…400,000 students, 3,622 schools affected
The fate of over 400,000 students in about 3,622 unapproved and substandard private primary and secondary schools clamped down by the Rivers and Benue State Government, for operating illegally is in jeopardy
. Indeed, these are not the best of times for the owners and operators of private primary and secondary schools, as they will soon be out of business, if the closure order slammed on the schools by the respective state governments, is anything to go by.
Few weeks ago, the government of the two states had issued a matching order to the proprietors, directing them to close shops following the clamp down order or face the wrath of the law of the state.
The proprietors were accused of operating illegally, contrary to the state governments’ rules and regulations governing the establishment of private institutions in the states as spelt out by the respective Ministry of Education law.
Piqued by the increasing rate at which sub-standard and unapproved private schools are mushrooming in all nooks and crannies of the states, the state governments, said they had to wield the big sticks on the owners and operators of such private primary and secondary schools, for allegedly violating the terms of their operations, in order to rescue the system from quackery and poor quality.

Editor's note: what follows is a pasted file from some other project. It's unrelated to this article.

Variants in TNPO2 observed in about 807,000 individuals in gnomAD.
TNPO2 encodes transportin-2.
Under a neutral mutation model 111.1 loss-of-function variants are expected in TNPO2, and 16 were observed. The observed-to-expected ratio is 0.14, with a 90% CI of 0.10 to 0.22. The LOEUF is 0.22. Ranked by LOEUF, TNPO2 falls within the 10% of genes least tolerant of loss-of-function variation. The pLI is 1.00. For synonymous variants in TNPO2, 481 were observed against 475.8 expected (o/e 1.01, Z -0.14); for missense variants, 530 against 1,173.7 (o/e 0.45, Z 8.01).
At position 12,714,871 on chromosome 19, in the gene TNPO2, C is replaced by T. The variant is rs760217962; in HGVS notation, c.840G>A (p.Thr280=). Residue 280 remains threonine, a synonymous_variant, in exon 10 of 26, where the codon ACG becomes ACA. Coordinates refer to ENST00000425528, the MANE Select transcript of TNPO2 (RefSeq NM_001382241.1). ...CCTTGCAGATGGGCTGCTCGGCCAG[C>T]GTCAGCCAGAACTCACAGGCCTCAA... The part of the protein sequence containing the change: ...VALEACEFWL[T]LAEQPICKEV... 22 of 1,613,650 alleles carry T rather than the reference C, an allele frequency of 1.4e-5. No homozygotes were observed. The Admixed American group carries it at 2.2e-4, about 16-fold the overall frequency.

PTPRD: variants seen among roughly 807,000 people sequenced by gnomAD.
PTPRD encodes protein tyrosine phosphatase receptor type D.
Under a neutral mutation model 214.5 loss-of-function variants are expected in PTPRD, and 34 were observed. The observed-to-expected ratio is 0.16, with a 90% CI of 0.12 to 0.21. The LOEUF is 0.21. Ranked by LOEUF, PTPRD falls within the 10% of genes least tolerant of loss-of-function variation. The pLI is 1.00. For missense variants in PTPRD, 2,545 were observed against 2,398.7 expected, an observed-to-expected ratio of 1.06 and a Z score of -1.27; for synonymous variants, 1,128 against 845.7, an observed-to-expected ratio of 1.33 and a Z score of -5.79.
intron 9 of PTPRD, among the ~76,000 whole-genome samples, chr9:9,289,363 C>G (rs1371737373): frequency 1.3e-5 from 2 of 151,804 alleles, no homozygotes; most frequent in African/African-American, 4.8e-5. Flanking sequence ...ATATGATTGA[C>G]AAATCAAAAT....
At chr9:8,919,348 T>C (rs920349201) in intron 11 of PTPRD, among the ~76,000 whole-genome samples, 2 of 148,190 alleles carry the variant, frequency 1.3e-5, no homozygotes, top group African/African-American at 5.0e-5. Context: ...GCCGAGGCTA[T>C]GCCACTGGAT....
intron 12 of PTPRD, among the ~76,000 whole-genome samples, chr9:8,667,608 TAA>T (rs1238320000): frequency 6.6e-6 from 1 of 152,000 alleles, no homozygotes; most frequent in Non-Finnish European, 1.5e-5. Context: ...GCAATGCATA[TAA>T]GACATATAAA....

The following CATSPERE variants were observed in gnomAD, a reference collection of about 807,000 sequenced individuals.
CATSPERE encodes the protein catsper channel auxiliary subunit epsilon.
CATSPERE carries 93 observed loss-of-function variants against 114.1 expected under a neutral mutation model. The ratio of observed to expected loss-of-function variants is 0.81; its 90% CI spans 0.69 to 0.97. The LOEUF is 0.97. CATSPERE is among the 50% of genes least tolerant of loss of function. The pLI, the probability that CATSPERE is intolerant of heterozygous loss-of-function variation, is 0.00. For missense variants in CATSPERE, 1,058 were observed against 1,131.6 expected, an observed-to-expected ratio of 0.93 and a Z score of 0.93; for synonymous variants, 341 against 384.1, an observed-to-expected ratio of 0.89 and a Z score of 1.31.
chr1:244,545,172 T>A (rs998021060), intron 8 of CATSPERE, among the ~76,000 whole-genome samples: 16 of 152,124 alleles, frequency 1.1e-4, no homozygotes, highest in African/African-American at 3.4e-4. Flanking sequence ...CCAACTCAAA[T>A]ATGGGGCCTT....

“The schools are operating in utter deviance to the regulations and requirements for the establishment of private primary and secondary schools in the states,” the state governments said.
“The big stick is being wielded because some private school owners are operating in defiance to rules and guidelines governing their operations,” the Rivers State Government said, pointing out that majority of the schools are located especially outside the state capital, where education officers from the state Ministry of Education are not constantly visited to monitor the activities of the schools.
However, investigations by New Telegraph revealed that most of the affected schools are mainly concerned with profit motive, to an extent that, they pay very little attention to standard and quality of their environment, teaching and learning process, which was the primary reason why most parents enroll their children, who are withdrawn from public schools.
Despite, public schools, which charge less school fees with adequate well-qualified teachers and large school compounds that, make learning and teaching worthwhile. Following the government’s clamp down order, over 1,198 schools in Rivers State have been closed down for their sub-standard and for operating illegally.